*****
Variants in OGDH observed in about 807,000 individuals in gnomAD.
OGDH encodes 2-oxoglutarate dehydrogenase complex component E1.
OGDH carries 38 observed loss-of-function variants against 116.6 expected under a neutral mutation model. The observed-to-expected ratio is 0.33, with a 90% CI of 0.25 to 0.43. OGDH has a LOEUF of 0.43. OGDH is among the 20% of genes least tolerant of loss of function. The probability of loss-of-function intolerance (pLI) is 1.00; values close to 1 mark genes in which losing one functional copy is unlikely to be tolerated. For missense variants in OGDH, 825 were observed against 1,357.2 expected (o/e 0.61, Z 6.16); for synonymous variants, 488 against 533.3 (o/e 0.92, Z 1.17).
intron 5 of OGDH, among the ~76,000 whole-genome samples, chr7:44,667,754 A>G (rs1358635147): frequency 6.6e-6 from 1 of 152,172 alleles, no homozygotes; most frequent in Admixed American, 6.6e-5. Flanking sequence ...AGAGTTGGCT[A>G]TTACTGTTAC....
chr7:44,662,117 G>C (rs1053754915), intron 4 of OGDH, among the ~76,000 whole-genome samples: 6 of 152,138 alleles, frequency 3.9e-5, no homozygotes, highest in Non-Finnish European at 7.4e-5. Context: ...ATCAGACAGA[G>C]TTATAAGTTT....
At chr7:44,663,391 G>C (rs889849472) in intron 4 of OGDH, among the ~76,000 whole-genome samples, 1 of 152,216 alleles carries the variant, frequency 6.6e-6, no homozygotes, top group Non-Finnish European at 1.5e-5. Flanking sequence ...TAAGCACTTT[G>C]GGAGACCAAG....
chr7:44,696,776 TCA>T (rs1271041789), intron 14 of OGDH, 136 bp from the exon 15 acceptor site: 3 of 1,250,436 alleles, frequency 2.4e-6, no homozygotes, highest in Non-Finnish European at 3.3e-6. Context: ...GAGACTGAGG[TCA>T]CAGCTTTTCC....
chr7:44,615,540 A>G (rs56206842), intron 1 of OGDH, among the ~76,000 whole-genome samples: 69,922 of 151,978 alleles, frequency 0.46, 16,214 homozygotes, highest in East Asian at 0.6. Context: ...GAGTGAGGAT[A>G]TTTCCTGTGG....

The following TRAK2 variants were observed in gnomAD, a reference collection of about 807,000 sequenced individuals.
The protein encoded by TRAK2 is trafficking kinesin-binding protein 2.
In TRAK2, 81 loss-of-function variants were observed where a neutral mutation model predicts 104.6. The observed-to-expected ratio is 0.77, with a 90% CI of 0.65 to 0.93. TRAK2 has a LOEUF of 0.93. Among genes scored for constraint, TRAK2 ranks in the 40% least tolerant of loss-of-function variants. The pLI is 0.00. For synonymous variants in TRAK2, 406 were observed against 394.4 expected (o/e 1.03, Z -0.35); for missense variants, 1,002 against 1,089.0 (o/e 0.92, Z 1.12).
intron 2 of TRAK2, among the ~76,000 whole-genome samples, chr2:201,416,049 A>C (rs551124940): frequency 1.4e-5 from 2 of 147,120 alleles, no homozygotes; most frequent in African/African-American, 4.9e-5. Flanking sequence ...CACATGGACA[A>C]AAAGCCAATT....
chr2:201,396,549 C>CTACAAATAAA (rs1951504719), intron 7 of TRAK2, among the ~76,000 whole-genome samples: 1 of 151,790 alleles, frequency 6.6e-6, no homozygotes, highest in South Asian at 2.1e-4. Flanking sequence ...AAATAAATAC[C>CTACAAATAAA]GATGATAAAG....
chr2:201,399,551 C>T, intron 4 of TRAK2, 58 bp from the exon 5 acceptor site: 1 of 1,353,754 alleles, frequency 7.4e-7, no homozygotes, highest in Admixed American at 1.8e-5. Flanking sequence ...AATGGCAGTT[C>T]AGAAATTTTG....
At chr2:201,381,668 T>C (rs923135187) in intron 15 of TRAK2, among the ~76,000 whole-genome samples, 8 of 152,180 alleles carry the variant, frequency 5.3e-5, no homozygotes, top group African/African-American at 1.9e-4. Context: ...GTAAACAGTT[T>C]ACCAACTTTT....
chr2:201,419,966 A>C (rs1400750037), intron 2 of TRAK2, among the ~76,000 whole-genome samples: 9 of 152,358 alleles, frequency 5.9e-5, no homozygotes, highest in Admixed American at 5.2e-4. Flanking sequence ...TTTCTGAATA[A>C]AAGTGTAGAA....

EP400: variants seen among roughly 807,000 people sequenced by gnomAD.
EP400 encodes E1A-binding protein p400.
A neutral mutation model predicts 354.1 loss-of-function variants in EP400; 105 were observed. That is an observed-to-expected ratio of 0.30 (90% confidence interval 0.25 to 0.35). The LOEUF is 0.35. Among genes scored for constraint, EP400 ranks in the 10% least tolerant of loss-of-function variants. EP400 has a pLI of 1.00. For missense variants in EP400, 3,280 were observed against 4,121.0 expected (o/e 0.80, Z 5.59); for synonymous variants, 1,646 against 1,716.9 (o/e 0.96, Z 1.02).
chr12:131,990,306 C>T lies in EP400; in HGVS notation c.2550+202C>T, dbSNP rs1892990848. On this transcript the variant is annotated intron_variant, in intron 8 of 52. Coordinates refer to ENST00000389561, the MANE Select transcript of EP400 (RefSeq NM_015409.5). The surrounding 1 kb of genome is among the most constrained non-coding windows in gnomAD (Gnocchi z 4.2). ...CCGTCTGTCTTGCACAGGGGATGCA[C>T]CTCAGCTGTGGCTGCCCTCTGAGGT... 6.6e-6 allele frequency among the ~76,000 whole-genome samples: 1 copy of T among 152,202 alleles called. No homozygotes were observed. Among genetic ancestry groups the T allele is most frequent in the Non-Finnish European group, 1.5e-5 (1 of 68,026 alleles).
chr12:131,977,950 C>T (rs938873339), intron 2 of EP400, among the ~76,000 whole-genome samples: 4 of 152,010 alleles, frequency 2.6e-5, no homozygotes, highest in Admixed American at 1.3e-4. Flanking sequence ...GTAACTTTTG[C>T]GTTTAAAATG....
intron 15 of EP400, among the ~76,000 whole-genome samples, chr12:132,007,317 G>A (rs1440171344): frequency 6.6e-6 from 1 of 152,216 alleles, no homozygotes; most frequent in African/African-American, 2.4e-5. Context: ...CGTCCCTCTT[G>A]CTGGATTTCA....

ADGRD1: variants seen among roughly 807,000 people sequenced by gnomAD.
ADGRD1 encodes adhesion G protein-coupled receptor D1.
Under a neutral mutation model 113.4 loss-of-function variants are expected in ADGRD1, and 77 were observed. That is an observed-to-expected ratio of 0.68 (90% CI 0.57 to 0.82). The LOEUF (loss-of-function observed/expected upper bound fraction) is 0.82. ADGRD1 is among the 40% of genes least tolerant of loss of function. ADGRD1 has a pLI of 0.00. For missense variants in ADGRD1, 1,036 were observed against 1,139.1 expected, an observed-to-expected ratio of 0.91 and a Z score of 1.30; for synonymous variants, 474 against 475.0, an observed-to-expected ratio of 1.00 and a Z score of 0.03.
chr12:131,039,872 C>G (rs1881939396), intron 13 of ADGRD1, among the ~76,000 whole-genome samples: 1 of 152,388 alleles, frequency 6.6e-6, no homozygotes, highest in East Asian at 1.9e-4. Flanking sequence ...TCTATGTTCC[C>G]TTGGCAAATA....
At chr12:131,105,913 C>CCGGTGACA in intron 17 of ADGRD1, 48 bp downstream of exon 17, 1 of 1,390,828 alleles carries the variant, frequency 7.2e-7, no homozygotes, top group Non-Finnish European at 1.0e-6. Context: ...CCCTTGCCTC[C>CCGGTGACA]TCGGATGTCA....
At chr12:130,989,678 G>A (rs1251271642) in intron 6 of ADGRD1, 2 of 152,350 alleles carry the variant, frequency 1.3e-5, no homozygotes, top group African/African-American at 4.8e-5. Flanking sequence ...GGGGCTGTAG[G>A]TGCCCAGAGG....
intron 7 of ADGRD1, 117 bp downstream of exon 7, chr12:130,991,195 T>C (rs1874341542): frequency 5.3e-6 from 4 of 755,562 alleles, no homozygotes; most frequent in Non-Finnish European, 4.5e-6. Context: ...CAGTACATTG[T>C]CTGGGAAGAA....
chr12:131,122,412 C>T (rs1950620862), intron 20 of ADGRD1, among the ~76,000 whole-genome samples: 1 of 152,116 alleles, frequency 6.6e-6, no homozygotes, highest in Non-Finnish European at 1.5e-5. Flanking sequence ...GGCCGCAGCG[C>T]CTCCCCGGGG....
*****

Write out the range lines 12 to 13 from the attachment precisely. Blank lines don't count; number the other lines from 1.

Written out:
intron 2 of TRAK2, among the ~76,000 whole-genome samples, chr2:201,416,049 A>C (rs551124940): frequency 1.4e-5 from 2 of 147,120 alleles, no homozygotes; most frequent in African/African-American, 4.9e-5. Flanking sequence ...CACATGGACA[A>C]AAAGCCAATT....
chr2:201,396,549 C>CTACAAATAAA (rs1951504719), intron 7 of TRAK2, among the ~76,000 whole-genome samples: 1 of 151,790 alleles, frequency 6.6e-6, no homozygotes, highest in South Asian at 2.1e-4. Flanking sequence ...AAATAAATAC[C>CTACAAATAAA]GATGATAAAG....